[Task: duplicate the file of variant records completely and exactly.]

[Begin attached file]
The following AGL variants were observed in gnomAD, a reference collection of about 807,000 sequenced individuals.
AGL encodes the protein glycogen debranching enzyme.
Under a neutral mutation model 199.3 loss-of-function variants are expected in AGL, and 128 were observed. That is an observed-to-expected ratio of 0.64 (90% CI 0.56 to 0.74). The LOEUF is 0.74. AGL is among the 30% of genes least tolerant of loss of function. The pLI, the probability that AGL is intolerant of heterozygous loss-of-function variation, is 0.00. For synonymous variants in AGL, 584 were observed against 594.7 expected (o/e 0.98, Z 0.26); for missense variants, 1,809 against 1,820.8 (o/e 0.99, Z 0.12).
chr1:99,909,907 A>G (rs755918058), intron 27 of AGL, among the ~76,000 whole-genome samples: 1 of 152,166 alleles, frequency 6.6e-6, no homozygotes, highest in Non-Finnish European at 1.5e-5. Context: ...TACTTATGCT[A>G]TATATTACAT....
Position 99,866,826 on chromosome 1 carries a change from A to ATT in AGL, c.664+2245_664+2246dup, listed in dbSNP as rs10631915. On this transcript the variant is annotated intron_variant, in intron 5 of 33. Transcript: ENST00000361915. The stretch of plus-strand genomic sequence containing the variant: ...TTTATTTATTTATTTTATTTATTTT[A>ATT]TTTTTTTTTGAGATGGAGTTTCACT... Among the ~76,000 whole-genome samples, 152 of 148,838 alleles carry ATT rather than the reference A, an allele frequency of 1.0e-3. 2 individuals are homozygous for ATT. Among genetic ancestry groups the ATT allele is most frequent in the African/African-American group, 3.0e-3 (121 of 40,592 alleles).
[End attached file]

The following AGL variants were observed in gnomAD, a reference collection of about 807,000 sequenced individuals.
AGL encodes the protein glycogen debranching enzyme.
Under a neutral mutation model 199.3 loss-of-function variants are expected in AGL, and 128 were observed. That is an observed-to-expected ratio of 0.64 (90% CI 0.56 to 0.74). The LOEUF is 0.74. AGL is among the 30% of genes least tolerant of loss of function. The pLI, the probability that AGL is intolerant of heterozygous loss-of-function variation, is 0.00. For synonymous variants in AGL, 584 were observed against 594.7 expected (o/e 0.98, Z 0.26); for missense variants, 1,809 against 1,820.8 (o/e 0.99, Z 0.12).
chr1:99,909,907 A>G (rs755918058), intron 27 of AGL, among the ~76,000 whole-genome samples: 1 of 152,166 alleles, frequency 6.6e-6, no homozygotes, highest in Non-Finnish European at 1.5e-5. Context: ...TACTTATGCT[A>G]TATATTACAT....
Position 99,866,826 on chromosome 1 carries a change from A to ATT in AGL, c.664+2245_664+2246dup, listed in dbSNP as rs10631915. On this transcript the variant is annotated intron_variant, in intron 5 of 33. Transcript: ENST00000361915. The stretch of plus-strand genomic sequence containing the variant: ...TTTATTTATTTATTTTATTTATTTT[A>ATT]TTTTTTTTTGAGATGGAGTTTCACT... Among the ~76,000 whole-genome samples, 152 of 148,838 alleles carry ATT rather than the reference A, an allele frequency of 1.0e-3. 2 individuals are homozygous for ATT. Among genetic ancestry groups the ATT allele is most frequent in the African/African-American group, 3.0e-3 (121 of 40,592 alleles).